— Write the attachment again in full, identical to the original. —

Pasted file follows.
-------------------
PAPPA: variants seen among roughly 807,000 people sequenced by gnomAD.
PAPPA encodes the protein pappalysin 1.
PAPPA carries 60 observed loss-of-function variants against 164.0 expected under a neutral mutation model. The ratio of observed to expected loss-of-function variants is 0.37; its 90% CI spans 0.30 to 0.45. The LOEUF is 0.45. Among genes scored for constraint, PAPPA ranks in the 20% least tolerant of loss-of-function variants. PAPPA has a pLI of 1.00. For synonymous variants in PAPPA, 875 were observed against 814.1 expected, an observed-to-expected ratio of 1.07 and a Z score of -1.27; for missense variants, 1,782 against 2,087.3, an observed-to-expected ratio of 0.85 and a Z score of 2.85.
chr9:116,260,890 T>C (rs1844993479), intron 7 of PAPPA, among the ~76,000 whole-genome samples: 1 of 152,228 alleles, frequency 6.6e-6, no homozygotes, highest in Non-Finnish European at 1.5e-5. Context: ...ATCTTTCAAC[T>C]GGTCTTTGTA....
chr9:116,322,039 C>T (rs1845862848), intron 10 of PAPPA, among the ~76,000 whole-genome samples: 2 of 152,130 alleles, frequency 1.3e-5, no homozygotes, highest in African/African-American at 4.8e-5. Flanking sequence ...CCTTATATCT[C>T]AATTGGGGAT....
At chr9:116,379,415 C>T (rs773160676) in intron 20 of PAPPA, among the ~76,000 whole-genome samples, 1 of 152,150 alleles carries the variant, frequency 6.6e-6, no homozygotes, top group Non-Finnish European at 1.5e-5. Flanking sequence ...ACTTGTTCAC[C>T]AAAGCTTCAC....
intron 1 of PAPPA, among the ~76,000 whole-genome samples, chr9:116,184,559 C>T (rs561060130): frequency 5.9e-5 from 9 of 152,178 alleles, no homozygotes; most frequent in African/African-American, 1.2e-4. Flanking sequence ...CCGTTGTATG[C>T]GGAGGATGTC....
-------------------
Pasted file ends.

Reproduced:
PAPPA: variants seen among roughly 807,000 people sequenced by gnomAD.
PAPPA encodes the protein pappalysin 1.
PAPPA carries 60 observed loss-of-function variants against 164.0 expected under a neutral mutation model. The ratio of observed to expected loss-of-function variants is 0.37; its 90% CI spans 0.30 to 0.45. The LOEUF is 0.45. Among genes scored for constraint, PAPPA ranks in the 20% least tolerant of loss-of-function variants. PAPPA has a pLI of 1.00. For synonymous variants in PAPPA, 875 were observed against 814.1 expected, an observed-to-expected ratio of 1.07 and a Z score of -1.27; for missense variants, 1,782 against 2,087.3, an observed-to-expected ratio of 0.85 and a Z score of 2.85.
chr9:116,260,890 T>C (rs1844993479), intron 7 of PAPPA, among the ~76,000 whole-genome samples: 1 of 152,228 alleles, frequency 6.6e-6, no homozygotes, highest in Non-Finnish European at 1.5e-5. Context: ...ATCTTTCAAC[T>C]GGTCTTTGTA....
chr9:116,322,039 C>T (rs1845862848), intron 10 of PAPPA, among the ~76,000 whole-genome samples: 2 of 152,130 alleles, frequency 1.3e-5, no homozygotes, highest in African/African-American at 4.8e-5. Flanking sequence ...CCTTATATCT[C>T]AATTGGGGAT....
At chr9:116,379,415 C>T (rs773160676) in intron 20 of PAPPA, among the ~76,000 whole-genome samples, 1 of 152,150 alleles carries the variant, frequency 6.6e-6, no homozygotes, top group Non-Finnish European at 1.5e-5. Flanking sequence ...ACTTGTTCAC[C>T]AAAGCTTCAC....
intron 1 of PAPPA, among the ~76,000 whole-genome samples, chr9:116,184,559 C>T (rs561060130): frequency 5.9e-5 from 9 of 152,178 alleles, no homozygotes; most frequent in African/African-American, 1.2e-4. Flanking sequence ...CCGTTGTATG[C>T]GGAGGATGTC....